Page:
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1 in 6 FHA Loans Delinquent

November 19, 2009

One in six FHA loans are delinquent, and a full 3.32% of them were in foreclosure. This is the highest number since 1979. Based on all the crazy FHA lending that has also taken place, we’d venture that this number is only going to get worse.

The share of all types of mortgages with one or more payments overdue climbed to a record seasonally adjusted 9.64 percent in the third quarter. The foreclosure inventory increased to 4.47 percent from 4.3 percent. Both were the highest in 37 years of data.

[via Bloomberg]

And here’s another article on the FHA

Toll: The FHA Is a ‘Definite Train Wreck’ [WSJ]

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Categories: Commercial Real Estate Investing | Market Data
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Joshua November 20, 2009

bob toll is correct. buyers need more skin in the game. 18% huh. wasnt there some study that said defaults would peak around 20-25%?

Square Feet November 20, 2009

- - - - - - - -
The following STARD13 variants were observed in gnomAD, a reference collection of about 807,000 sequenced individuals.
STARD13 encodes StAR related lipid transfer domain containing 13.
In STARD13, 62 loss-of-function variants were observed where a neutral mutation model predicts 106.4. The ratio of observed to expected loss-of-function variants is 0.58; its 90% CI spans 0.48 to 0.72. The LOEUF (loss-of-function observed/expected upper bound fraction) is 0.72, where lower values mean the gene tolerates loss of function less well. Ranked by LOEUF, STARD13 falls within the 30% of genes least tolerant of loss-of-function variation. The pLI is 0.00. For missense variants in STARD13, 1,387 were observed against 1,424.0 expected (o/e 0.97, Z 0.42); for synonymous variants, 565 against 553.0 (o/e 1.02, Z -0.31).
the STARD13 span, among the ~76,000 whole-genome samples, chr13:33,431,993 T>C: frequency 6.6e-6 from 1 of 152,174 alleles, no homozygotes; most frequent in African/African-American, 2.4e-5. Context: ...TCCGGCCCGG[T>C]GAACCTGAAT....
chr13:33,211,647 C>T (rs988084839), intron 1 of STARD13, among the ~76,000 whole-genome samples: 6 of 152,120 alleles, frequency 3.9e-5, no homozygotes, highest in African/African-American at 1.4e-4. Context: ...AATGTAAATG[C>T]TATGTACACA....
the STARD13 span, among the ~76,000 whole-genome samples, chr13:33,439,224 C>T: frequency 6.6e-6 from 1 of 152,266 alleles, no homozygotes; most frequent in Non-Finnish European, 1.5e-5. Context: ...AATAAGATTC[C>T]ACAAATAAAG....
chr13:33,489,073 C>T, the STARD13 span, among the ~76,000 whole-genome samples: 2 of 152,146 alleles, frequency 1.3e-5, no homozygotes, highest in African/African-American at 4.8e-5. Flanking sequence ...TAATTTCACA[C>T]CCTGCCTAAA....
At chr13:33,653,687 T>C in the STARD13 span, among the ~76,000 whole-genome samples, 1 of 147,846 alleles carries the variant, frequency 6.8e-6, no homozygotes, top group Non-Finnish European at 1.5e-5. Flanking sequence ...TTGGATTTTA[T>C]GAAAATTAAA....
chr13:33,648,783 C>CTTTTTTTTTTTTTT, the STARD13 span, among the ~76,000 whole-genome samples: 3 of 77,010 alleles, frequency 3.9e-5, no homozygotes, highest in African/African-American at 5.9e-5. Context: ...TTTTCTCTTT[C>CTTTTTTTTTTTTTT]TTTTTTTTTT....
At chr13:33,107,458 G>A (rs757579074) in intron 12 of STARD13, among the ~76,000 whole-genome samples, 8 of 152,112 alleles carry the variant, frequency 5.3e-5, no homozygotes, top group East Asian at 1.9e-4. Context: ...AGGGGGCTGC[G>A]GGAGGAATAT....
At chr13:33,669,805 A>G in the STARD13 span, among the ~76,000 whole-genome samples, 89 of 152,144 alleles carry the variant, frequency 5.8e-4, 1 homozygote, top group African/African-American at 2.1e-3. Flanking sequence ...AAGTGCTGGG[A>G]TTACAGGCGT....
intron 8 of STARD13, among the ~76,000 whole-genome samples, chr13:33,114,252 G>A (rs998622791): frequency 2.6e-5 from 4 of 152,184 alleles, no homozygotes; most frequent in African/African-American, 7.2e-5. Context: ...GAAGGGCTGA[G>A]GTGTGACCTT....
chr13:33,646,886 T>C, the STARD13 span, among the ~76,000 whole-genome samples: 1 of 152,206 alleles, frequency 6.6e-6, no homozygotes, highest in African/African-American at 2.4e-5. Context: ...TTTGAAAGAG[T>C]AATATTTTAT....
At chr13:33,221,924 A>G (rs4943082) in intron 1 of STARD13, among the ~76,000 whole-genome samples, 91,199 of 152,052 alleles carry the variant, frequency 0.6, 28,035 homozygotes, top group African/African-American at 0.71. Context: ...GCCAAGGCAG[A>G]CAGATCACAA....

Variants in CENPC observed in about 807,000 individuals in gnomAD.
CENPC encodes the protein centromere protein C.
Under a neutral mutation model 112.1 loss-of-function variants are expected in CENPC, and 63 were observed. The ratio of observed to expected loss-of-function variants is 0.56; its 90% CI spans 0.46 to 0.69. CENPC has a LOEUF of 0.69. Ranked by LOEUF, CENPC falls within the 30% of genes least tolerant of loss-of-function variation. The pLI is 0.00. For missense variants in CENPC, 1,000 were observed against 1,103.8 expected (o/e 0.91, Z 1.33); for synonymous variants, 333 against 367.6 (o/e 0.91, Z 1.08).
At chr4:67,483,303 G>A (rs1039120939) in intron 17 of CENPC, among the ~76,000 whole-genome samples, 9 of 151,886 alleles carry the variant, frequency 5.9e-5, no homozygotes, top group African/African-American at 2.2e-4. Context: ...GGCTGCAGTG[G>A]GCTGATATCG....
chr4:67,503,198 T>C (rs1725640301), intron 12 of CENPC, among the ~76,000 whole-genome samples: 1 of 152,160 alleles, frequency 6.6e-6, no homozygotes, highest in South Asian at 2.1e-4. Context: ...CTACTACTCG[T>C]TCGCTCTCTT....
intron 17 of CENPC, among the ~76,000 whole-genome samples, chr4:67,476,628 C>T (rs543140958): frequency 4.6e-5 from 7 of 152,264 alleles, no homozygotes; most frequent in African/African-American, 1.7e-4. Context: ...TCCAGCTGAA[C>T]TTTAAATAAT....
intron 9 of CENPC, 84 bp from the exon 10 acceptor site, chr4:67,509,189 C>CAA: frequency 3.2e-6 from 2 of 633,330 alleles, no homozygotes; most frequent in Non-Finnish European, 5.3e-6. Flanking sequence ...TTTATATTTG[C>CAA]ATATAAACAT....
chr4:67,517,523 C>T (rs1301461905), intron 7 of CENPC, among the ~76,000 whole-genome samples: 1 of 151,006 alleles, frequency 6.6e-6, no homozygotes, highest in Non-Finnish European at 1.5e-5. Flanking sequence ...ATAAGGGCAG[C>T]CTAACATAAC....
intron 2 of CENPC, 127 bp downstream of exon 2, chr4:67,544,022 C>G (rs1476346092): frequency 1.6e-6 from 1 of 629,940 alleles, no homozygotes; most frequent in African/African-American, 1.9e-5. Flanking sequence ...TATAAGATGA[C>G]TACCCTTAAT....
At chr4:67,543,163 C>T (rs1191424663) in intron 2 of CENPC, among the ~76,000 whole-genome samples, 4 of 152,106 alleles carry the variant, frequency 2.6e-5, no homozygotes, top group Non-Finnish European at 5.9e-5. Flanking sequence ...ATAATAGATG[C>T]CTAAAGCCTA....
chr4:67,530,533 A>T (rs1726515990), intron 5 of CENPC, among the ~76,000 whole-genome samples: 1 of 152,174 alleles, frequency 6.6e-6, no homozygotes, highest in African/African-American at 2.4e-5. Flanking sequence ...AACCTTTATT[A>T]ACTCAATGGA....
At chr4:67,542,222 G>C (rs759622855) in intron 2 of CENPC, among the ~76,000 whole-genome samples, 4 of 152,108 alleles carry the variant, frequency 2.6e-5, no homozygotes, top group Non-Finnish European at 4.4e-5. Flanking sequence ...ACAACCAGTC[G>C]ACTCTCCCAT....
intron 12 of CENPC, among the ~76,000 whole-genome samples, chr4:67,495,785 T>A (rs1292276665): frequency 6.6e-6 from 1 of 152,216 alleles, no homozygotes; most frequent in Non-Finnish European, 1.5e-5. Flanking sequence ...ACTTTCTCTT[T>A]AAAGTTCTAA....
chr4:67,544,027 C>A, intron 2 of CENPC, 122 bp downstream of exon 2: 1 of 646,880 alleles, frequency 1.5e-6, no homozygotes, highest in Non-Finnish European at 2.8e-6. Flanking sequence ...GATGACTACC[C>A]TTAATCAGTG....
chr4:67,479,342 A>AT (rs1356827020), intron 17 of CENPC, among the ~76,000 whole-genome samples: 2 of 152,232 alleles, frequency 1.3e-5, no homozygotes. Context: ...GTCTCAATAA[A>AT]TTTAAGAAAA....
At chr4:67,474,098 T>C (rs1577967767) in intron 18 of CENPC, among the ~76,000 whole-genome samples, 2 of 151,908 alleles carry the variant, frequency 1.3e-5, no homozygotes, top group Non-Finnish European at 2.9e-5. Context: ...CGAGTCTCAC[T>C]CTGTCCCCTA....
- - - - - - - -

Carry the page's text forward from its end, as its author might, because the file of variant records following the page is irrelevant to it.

There have been studies all across the board, but it will go up. I'm in the process of selling a SFR rental property of my own. 3 offers, all of them FHA with the absolute minimum down payment (3.5%) and buyers buying at the top of what they were pre-approved for and asking for closing costs since they can't provide. This won't end well.

Joshua November 20, 2009

yup. pretty standard. what i worry about is the people who can afford to buy. a buddy is droppng $500K for a (peak price) $1.2M condo in san diego. its a deal. its only slightly higher than construction costs. 20th floor 1 block from gas lamp, near petco, walk to his office. weve gone through the thing 10 ways to sunday and the only thing that makes me nervous for him is what happens in 5 years when interest is up and things have (presumably) changed? he says he wants to keep it and his dad is in on the deal for a vacation property when my friend leaves it. so hes not too concerned about it. i have a feeling the lingering effects this time around will be a lot longer than usual if we dont permanently allow low down, tax credits, govt financing and artificial interest. i fear this is not becoming an orderly unwinding as people hope.

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